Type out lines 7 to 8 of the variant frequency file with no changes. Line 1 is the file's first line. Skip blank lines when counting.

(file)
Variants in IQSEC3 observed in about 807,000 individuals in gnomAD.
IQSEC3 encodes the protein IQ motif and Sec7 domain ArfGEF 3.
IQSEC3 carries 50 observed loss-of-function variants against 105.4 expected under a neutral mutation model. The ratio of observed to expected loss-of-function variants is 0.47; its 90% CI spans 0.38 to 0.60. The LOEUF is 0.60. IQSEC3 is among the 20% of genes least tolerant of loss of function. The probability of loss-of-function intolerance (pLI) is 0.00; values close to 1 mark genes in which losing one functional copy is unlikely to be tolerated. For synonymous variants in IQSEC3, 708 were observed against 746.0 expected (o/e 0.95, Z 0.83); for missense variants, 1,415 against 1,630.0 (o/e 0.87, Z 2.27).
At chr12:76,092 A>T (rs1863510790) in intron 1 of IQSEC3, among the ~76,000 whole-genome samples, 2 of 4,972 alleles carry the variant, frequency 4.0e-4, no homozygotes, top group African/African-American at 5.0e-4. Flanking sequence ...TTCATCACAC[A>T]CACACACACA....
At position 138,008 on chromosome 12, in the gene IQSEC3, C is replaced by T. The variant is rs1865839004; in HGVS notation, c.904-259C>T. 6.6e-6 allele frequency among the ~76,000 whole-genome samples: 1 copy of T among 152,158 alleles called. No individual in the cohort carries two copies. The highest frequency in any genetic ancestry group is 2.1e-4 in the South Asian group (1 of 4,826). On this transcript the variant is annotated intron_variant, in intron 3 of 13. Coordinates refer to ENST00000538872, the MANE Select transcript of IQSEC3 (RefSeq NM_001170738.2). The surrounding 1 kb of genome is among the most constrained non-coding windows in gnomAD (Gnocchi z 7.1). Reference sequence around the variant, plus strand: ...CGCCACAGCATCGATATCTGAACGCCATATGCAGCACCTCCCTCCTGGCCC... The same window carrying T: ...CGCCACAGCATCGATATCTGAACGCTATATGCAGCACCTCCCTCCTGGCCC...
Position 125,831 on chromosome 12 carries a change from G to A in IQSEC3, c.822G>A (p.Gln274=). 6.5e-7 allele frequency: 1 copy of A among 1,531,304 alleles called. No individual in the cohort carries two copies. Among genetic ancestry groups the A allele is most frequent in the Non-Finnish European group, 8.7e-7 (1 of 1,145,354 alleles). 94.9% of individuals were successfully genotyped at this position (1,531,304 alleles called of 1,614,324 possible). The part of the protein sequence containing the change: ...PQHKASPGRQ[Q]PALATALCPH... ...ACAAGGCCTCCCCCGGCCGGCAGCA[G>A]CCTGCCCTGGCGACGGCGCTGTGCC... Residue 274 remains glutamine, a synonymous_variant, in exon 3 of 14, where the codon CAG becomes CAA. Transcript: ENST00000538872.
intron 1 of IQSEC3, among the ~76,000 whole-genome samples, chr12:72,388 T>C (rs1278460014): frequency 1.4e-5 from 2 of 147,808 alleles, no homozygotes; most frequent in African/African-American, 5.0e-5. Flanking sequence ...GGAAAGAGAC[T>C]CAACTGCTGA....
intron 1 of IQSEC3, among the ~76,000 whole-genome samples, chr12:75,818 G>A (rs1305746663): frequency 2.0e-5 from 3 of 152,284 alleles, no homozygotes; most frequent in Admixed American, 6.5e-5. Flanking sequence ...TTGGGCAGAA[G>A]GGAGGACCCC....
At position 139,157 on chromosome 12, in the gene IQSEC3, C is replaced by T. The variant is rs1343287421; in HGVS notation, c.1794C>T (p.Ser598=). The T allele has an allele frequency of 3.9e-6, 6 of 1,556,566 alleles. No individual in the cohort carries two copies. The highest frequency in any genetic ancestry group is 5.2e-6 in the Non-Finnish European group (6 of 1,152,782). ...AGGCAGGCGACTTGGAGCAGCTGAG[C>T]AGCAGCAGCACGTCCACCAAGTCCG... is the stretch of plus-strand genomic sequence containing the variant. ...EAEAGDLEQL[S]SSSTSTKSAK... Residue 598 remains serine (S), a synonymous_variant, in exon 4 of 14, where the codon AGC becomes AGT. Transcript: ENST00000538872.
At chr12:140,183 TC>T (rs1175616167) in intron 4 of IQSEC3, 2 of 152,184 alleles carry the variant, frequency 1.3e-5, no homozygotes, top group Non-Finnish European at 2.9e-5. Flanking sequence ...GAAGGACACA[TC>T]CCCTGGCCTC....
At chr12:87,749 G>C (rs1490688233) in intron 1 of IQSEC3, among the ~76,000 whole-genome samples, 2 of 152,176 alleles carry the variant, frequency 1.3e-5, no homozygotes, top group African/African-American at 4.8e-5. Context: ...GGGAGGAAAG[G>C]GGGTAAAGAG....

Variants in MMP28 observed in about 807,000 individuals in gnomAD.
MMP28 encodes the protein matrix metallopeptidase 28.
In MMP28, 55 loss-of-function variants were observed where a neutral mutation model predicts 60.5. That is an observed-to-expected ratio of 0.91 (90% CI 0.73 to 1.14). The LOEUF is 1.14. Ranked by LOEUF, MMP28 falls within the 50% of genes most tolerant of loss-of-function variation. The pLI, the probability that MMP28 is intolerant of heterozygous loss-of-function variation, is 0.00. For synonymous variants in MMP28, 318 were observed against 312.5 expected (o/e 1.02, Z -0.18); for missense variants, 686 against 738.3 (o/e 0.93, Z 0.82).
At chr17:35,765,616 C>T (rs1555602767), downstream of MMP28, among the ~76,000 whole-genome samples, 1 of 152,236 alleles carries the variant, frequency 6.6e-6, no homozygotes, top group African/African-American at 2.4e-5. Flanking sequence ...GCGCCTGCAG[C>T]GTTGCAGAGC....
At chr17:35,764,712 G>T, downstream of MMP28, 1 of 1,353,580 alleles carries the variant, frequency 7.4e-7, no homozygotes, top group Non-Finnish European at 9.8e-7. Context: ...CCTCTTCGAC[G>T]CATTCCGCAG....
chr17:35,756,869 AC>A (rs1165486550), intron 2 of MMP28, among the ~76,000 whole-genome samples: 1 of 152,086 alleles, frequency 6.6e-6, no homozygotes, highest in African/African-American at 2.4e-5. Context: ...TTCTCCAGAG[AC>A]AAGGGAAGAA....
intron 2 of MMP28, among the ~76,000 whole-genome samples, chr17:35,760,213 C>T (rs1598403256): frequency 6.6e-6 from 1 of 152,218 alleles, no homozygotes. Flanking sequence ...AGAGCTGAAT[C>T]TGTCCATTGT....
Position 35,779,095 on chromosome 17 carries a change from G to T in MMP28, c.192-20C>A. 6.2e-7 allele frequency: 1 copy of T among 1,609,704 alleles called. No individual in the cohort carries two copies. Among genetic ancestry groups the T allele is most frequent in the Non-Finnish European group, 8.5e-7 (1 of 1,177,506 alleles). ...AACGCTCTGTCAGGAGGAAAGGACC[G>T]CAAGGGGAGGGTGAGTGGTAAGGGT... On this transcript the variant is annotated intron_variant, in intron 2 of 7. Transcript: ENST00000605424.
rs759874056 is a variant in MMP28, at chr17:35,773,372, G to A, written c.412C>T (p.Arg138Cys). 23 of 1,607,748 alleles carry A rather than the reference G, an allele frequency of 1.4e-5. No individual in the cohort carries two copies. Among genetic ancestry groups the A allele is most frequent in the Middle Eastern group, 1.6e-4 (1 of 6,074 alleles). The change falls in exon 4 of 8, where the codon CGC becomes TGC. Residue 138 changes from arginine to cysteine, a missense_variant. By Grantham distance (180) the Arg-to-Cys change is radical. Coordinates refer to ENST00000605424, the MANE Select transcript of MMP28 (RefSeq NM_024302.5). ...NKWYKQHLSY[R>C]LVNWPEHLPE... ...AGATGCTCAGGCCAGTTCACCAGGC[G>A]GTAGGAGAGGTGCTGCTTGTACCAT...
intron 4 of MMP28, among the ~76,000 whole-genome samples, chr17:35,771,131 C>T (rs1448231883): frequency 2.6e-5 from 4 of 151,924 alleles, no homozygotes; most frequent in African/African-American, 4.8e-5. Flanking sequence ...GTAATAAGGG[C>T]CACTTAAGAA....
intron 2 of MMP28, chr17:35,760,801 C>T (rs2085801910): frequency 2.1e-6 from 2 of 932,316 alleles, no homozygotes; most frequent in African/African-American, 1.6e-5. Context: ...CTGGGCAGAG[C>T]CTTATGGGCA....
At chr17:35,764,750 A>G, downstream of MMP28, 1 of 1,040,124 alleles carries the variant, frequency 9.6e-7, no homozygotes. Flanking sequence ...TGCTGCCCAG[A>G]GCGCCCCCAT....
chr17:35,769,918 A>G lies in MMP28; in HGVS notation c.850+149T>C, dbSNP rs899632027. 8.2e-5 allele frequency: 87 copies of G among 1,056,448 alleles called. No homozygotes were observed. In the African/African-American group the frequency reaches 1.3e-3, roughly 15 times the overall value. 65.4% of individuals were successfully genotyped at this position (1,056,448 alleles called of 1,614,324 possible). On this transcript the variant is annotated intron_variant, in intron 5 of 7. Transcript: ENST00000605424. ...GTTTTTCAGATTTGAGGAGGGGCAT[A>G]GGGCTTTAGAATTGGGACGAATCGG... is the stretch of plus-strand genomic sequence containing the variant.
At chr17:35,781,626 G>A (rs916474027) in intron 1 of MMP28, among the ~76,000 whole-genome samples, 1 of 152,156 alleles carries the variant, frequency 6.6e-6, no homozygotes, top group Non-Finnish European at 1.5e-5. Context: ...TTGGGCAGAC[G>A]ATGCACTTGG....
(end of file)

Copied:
intron 1 of IQSEC3, among the ~76,000 whole-genome samples, chr12:72,388 T>C (rs1278460014): frequency 1.4e-5 from 2 of 147,808 alleles, no homozygotes; most frequent in African/African-American, 5.0e-5. Flanking sequence ...GGAAAGAGAC[T>C]CAACTGCTGA....
intron 1 of IQSEC3, among the ~76,000 whole-genome samples, chr12:75,818 G>A (rs1305746663): frequency 2.0e-5 from 3 of 152,284 alleles, no homozygotes; most frequent in Admixed American, 6.5e-5. Flanking sequence ...TTGGGCAGAA[G>A]GGAGGACCCC....